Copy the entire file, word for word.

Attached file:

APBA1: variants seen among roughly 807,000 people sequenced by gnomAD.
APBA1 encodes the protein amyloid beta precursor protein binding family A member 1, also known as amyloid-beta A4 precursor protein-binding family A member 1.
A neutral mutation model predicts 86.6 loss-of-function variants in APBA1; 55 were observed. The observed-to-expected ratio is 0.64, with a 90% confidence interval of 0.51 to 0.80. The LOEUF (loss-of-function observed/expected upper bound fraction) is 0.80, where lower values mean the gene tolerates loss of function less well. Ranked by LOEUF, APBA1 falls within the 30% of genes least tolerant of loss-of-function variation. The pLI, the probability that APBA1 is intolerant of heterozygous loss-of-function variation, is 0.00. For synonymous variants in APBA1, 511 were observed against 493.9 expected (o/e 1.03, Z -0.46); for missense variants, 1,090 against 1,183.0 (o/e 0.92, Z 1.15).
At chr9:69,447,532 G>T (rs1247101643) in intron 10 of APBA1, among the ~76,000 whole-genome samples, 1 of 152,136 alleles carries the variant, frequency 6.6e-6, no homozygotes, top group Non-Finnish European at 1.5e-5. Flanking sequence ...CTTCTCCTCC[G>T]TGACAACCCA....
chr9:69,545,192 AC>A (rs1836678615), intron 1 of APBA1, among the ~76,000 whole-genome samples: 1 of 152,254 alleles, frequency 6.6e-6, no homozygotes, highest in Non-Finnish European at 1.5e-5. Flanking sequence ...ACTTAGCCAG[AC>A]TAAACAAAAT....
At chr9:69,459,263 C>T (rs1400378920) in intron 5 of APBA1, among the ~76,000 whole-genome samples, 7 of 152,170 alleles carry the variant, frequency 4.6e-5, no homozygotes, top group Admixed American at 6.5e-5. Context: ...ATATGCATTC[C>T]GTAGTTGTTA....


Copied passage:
APBA1: variants seen among roughly 807,000 people sequenced by gnomAD.
APBA1 encodes the protein amyloid beta precursor protein binding family A member 1, also known as amyloid-beta A4 precursor protein-binding family A member 1.
A neutral mutation model predicts 86.6 loss-of-function variants in APBA1; 55 were observed. The observed-to-expected ratio is 0.64, with a 90% confidence interval of 0.51 to 0.80. The LOEUF (loss-of-function observed/expected upper bound fraction) is 0.80, where lower values mean the gene tolerates loss of function less well. Ranked by LOEUF, APBA1 falls within the 30% of genes least tolerant of loss-of-function variation. The pLI, the probability that APBA1 is intolerant of heterozygous loss-of-function variation, is 0.00. For synonymous variants in APBA1, 511 were observed against 493.9 expected (o/e 1.03, Z -0.46); for missense variants, 1,090 against 1,183.0 (o/e 0.92, Z 1.15).
At chr9:69,447,532 G>T (rs1247101643) in intron 10 of APBA1, among the ~76,000 whole-genome samples, 1 of 152,136 alleles carries the variant, frequency 6.6e-6, no homozygotes, top group Non-Finnish European at 1.5e-5. Flanking sequence ...CTTCTCCTCC[G>T]TGACAACCCA....
chr9:69,545,192 AC>A (rs1836678615), intron 1 of APBA1, among the ~76,000 whole-genome samples: 1 of 152,254 alleles, frequency 6.6e-6, no homozygotes, highest in Non-Finnish European at 1.5e-5. Flanking sequence ...ACTTAGCCAG[AC>A]TAAACAAAAT....
At chr9:69,459,263 C>T (rs1400378920) in intron 5 of APBA1, among the ~76,000 whole-genome samples, 7 of 152,170 alleles carry the variant, frequency 4.6e-5, no homozygotes, top group Admixed American at 6.5e-5. Context: ...ATATGCATTC[C>T]GTAGTTGTTA....